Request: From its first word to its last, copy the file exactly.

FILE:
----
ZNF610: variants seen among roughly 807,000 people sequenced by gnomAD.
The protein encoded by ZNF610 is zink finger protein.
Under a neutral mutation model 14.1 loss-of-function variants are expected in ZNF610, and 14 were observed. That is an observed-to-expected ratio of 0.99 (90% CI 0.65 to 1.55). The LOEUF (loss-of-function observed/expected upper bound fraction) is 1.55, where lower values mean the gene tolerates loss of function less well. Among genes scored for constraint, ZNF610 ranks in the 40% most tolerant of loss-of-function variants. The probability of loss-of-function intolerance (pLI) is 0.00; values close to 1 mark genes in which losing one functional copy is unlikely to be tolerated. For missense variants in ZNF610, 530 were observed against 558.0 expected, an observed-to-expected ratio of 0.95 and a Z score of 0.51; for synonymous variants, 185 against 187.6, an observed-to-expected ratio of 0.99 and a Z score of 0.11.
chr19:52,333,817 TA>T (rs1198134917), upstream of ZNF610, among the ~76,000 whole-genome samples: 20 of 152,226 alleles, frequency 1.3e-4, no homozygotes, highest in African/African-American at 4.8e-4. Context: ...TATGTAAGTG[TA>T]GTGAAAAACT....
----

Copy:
ZNF610: variants seen among roughly 807,000 people sequenced by gnomAD.
The protein encoded by ZNF610 is zink finger protein.
Under a neutral mutation model 14.1 loss-of-function variants are expected in ZNF610, and 14 were observed. That is an observed-to-expected ratio of 0.99 (90% CI 0.65 to 1.55). The LOEUF (loss-of-function observed/expected upper bound fraction) is 1.55, where lower values mean the gene tolerates loss of function less well. Among genes scored for constraint, ZNF610 ranks in the 40% most tolerant of loss-of-function variants. The probability of loss-of-function intolerance (pLI) is 0.00; values close to 1 mark genes in which losing one functional copy is unlikely to be tolerated. For missense variants in ZNF610, 530 were observed against 558.0 expected, an observed-to-expected ratio of 0.95 and a Z score of 0.51; for synonymous variants, 185 against 187.6, an observed-to-expected ratio of 0.99 and a Z score of 0.11.
chr19:52,333,817 TA>T (rs1198134917), upstream of ZNF610, among the ~76,000 whole-genome samples: 20 of 152,226 alleles, frequency 1.3e-4, no homozygotes, highest in African/African-American at 4.8e-4. Context: ...TATGTAAGTG[TA>T]GTGAAAAACT....